As someone who works in consumer electronic repair and interacts with just about all of them on a regular basis, of the ones listed here so far I 100% would not recommend:
    McAfee
    AVG
    Sophos
    Avast

    in probably that order of hatred.

    Also just for the record, stay away from Norton.

    Xaviar on
    L Ron HowardzepherinShadowfire
  • XaviarXaviar Registered User regular
    That_Guy wrote: »
    Windows Defender is the best for Windows 10 if you are reasonably savvy and already run an ad blocker. If you need a little more hand holding, I can't recommend Emsisoft any more. It's super lightweight and comes with both a virus scanning engine and the malwarebytes engine build into one program. It's German so it's gotta be good, right?

    https://www.emsisoft.com/en/

    Emsisoft is our current "Official Recommendation" though business reasons also play into that.
    But they hold up well in the comparatives, and they are relatively resource-light.

  • MichaelLCMichaelLC In what furnace was thy brain? ChicagoRegistered User regular
    Is this the place to complain about software as a service? Because let me tell you...

    How's the Bitdefender for Android? Worth paying the extra $5/yr? Does it stop those damn pop-over audio ads?

    "Never believe management about anything anywhere." -Aistan
  • XaviarXaviar Registered User regular
    I've been out of the android/ios antivirus loop for a couple years, but unless things have significantly changed, they are basically just paid reassurance machines (Look at all the green checkmarks!) that also include a sub-par browser that checks URLs against each companies respective "sketchy" list

    Shadowfire
  • Inquisitor77Inquisitor77 2 x Penny Arcade Fight Club Champion A fixed point in space and timeRegistered User regular
    The Android app actually has a very interesting feature which takes a photo of someone who tries to access your phone and messes up. That photo is tied to your Bitdefender account, not the phone itself. There are also remote access shut-off and location tracking features, which are more and more common for mobile-based security devices. Their functionality is tied more to the fact that your device can physically be stolen than trying to stop someone from hacking into it remotely or installing malware, although I'm sure there's some basic scanning stuff going on. If you have a multi-device account there's no harm in using the Bitdefender Android app.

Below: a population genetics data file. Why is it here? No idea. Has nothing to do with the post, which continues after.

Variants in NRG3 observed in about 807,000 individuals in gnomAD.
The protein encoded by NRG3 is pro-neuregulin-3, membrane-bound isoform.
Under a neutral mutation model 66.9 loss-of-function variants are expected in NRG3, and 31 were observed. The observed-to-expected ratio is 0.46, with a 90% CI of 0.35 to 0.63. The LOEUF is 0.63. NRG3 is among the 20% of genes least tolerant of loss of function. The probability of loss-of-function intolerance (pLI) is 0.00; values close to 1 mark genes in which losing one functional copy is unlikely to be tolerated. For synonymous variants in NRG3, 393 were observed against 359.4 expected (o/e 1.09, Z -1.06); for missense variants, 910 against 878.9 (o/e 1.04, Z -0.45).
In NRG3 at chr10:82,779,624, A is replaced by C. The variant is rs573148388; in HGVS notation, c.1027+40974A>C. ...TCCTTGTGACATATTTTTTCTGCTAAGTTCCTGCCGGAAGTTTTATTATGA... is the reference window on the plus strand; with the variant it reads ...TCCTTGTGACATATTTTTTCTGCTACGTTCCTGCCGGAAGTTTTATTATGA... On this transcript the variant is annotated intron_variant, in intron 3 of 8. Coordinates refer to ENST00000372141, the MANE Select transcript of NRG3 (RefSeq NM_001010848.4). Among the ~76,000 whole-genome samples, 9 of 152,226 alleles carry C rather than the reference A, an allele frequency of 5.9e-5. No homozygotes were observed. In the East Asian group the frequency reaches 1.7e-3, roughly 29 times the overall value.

If you're on an Android phone the easiest way to protect yourself (and stop ads) is to get Blokada, add all the appropriate filter lists, and set up its DNS server to something like Quad9/OpenDNS. You can also use Firefox and install uBlock Origin for another layer of browsing security. As long as you aren't downloading random apps then you should be fine. Really, that's the only way for someone to "hack" into your Android phone - by you explicitly approving something to be downloaded and installed.

  • MichaelLCMichaelLC In what furnace was thy brain? ChicagoRegistered User regular
    Cool, thanks. Interesting that it's around physical security; makes sense.

    Dont want to hijack this thread, just saw BD had an Android app/service too.

    "Never believe management about anything anywhere." -Aistan
  • baudattitudebaudattitude Registered User regular
    My recommendation for anyone looking at AV is to see about buying a single license (or however many you need) of the corporate/enterprise version of AV from whichever vendor you eventually decide on, rather than the consumer version. Corporate IT does not like it when their end users get pop-ups trying to sell them crap, so corporate AV is generally much less annoying.

    Also, run a good adblocker, keep your computer patched, make sure you have autorun turned off on all devices and don't click on links in any email you haven't requested. Modern malware is always tested against AV programs before it is released, so you have a several hours-long window where even the best AV might just look at it, decide it passes the sniff test, and let it execute.